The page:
*Express concern that the regional bloc continues to fail them*
For Immediate Release
13th November, 2017
Quezon City, Philippines
At a rally held today in Quezon City, Philippines, women from Southeast Asian countries marched along with other marginalised communities from the region in a display of solidarity and resistance at time when rights and democracy are under attack. The women’s groups working on labour rights, land and resource rights, indigenous rights and other human rights, strongly urged the ASEAN Member States to uphold peoples’ rights and put people, not corporations and a tiny elite at the centre.
“While ASEAN governments’ insist on non-intervention policies on human rights, they quickly surrender sovereignty when it comes to economic policy. Their work to create binding neo-liberal policies of trade and finance liberalisation, privatisation of public goods and de-regulation of any constraints on capital has had devastating impacts on women. It is starkly evident that the ASEAN human rights mechanisms have no capacity or prospect of functioning as a robust redressal mechanism for women’s and people’s rights,” said Marion Cabrera, Programme Officer, at Asia Pacific Forum on Women, Law and Development (APWLD).
“ASEAN’s development agenda has only deepened inequality in the region, both within and between countries. Indigenous women in Southeast Asia are being systematically dispossessed of their land, their collective control over natural resources, their traditional agricultural knowledge and practices through the nexus of governments and corporations who seek to maximize profits over peoples’ rights and lives,” said Nasae Yapa from the Indigenous Women’s Network of Thailand.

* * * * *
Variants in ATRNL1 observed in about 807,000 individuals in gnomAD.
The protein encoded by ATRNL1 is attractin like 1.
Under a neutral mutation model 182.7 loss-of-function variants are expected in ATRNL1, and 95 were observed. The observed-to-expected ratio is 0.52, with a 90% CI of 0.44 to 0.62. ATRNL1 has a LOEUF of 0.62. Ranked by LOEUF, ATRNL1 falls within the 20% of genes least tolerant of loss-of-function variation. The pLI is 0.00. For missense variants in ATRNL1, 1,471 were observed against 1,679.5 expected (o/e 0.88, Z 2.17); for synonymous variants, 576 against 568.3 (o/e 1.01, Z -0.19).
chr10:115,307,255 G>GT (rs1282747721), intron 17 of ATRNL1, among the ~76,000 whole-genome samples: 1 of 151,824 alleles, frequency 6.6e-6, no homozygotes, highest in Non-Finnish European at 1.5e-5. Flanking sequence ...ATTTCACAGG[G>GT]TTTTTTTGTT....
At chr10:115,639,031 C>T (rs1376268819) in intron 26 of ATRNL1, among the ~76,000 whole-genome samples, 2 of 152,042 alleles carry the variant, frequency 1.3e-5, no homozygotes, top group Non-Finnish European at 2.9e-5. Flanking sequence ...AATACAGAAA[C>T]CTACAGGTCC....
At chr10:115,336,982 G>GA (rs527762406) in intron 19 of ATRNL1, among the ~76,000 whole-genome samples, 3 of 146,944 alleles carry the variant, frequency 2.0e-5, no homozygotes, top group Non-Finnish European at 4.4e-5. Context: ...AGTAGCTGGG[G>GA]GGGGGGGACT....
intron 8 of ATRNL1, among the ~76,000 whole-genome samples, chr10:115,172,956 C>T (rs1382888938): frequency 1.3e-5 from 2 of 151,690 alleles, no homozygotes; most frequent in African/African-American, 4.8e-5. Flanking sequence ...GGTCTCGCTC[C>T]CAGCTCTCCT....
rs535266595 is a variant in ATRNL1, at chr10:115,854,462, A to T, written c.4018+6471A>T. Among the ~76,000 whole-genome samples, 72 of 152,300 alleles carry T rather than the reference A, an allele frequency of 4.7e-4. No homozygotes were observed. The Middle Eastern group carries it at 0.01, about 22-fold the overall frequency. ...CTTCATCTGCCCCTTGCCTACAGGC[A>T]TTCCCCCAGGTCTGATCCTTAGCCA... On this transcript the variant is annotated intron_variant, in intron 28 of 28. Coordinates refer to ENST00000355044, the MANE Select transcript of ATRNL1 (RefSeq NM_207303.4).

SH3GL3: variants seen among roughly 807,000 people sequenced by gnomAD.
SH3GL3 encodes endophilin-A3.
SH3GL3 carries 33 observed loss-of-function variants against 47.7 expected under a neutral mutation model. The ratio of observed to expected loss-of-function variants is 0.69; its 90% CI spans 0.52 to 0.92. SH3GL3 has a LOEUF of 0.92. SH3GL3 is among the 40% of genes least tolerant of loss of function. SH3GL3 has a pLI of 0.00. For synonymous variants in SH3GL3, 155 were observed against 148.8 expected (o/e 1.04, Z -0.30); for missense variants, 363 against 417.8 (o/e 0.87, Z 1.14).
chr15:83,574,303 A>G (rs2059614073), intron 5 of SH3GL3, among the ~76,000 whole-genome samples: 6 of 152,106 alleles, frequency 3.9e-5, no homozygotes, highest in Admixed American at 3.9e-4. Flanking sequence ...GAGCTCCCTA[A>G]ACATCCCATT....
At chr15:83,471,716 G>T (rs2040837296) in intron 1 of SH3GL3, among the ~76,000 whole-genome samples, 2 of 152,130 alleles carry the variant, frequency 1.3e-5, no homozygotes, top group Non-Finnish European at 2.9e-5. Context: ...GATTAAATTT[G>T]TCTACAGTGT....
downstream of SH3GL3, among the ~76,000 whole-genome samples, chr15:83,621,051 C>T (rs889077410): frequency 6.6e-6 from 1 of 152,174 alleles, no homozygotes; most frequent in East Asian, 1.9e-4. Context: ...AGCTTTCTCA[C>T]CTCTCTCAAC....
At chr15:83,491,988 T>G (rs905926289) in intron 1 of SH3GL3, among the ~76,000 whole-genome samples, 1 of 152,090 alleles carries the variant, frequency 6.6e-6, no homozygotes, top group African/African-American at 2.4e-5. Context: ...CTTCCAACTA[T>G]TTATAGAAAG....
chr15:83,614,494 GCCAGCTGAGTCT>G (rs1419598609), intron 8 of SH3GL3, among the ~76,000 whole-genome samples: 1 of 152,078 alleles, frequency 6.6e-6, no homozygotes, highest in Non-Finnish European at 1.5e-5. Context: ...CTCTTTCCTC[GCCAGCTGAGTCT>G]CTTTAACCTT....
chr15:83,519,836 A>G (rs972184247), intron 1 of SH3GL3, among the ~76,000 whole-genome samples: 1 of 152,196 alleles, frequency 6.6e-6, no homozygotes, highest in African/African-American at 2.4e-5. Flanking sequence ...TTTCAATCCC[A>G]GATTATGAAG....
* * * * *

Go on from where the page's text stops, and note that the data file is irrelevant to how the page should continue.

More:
Daisy Arago, Centre for Trade Union and Human Rights of the Philippines added, “The workers in Southeast Asia are experiencing a downward trend in both their wages and their labour rights. This is one of the direct outcomes of ASEAN’s free flow of services and investments that have largely led to contractualization, work precariousness, job insecurity, wage insecurity and therefore, a race to the bottom with women workers at the bottom.”
Women’s groups demanded that ASEAN Member States conduct periodic gender and human rights impact assessments of its existing development agenda, including prior to entering into any trade agreements. They also said that advancing women’s rights and development justice in the region is not completely impossible, but will require a complete change of approach within ASEAN.
ABOUT ASEAN Civil Society Conference/ASEAN People’s Forum 2017 (ACSC/APF 2017)
ACSC/APF is an annual forum of Civil Society Organisations in ASEAN Member States, which is held as a parallel meeting to the ASEAN Summit of Heads of State. The meeting is hosted by civil society in the country that holds the ASEAN Chairmanship. Participants of this forum come from civil society organizations, NGOs, people’s organizations, and people’s movements.
Asia Pacific Forum on Women, Law and Development (APWLD), a leading network of feminist organisations and grassroots activists in Asia Pacific. Our over 200 members represent groups of diverse women from 27 countries in Asia Pacific. Over the past 30 years, APWLD has actively worked towards advancing women’s human rights and development justice. We are an independent, non-governmental, non-profit organisation and hold consultative status with the United Nations Economic and Social Council. F:apwld.ngo T:@apwld
For any press queries, interviews and further information, please contact
+63-915 913 1894 (Call)/+66 913 019 843 (Whatsapp)
Languages: English, Tagalog
+63-927 352 4239 (Call)/+66-955 282 396 (Whatsapp)
Languages: English, Hindi